When Eden is raped by her brother’s best friend in her bedroom one night, she doesn’t tell anyone, letting the aftermath of such an assault weigh over her for the years to come. It changes Eden, who once found it easy to be kind and now finds it difficult to not drown in hate.
The Way I Used To Be is told in four parts, chronicling each year of high school. Readers are taken on a deeply emotional journey with Eden as she moves through adolescence with the painful memories of one night influencing her friendships, relationships and personal decisions.
Author Amber Smith will pull a visceral response with Eden’s raw and heartbreaking story that is ultimately hopeful in its efforts to depict an experience and aftermath that unfortunately many young people face. Eden is an engaging protagonist. The novel feels very personal as we get tangled into Eden’s web of self-loathing, and while she makes bad decisions, we don’t judge her for making them. The way she’s treated – or tormented – by that night and her abuser is enough to make anyone feel compelled to act that way – putting up a wall to never look or feel vulnerable again. As important it is to depict a victim overcoming what happened to them, it’s vital to also see the hard times, the reckless and hopeless moments. It shows the gravity of the act, and just how difficult it can be to move past it.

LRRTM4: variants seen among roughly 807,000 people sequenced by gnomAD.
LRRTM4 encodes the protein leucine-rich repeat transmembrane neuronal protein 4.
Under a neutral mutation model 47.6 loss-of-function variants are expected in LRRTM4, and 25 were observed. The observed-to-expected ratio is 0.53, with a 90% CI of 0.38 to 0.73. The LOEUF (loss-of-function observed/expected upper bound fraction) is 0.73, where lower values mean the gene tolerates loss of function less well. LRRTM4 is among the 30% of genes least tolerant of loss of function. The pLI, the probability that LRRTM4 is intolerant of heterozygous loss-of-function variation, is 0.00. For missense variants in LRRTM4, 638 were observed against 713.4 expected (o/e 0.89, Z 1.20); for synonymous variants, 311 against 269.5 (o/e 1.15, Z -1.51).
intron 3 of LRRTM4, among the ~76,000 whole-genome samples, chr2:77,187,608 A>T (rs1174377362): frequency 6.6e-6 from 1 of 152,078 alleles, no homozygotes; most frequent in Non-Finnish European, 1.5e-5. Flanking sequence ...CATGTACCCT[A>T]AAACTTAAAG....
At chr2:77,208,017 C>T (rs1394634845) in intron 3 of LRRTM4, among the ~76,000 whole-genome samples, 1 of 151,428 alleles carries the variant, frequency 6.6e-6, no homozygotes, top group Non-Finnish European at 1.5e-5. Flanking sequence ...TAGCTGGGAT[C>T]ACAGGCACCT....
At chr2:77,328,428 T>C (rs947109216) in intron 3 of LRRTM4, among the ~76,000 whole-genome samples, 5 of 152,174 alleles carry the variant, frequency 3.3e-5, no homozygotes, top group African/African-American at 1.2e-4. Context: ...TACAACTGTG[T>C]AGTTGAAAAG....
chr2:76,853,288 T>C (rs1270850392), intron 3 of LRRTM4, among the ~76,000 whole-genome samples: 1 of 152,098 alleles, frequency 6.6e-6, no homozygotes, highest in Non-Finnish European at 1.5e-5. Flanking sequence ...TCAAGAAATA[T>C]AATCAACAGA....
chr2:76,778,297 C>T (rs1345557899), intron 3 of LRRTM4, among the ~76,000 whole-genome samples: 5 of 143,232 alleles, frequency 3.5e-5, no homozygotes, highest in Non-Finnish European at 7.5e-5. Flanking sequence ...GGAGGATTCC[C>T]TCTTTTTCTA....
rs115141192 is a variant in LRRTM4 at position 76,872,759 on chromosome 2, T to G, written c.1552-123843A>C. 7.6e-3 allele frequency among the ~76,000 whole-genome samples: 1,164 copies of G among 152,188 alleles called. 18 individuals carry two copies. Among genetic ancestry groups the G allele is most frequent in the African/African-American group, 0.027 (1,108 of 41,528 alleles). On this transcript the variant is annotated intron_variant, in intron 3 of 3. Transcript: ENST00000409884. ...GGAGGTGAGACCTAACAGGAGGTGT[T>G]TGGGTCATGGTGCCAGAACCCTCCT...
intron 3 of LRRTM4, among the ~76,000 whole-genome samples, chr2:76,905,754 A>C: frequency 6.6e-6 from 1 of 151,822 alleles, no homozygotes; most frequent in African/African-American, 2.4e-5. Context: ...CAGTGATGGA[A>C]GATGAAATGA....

The Way I Used To Be is subtly empowering in an unconventional sense. It proves that as humans we have the power to heal from the goriest emotional wounds. Despite how sad and angry she made me feel, I never doubted Eden’s strength. Moving through each year of high school and seeing her grow, she remained brave in the face of many adversities. She provides a moving perspective that allows readers to empathize with victims of assault, and don’t we need a more compassionate world? This is far from a feel-good read, but I can’t implore how necessary it is to read a book like this one.
As unforgettable and stirring as Laurie Halse Anderson’s Speak, Smith’s provocative debut is best described as a survival story with hope and anger serving as prominent themes so fully explored they simmer off the page.
The Way I Used To Be by Amber Smith is now available wherever books are sold.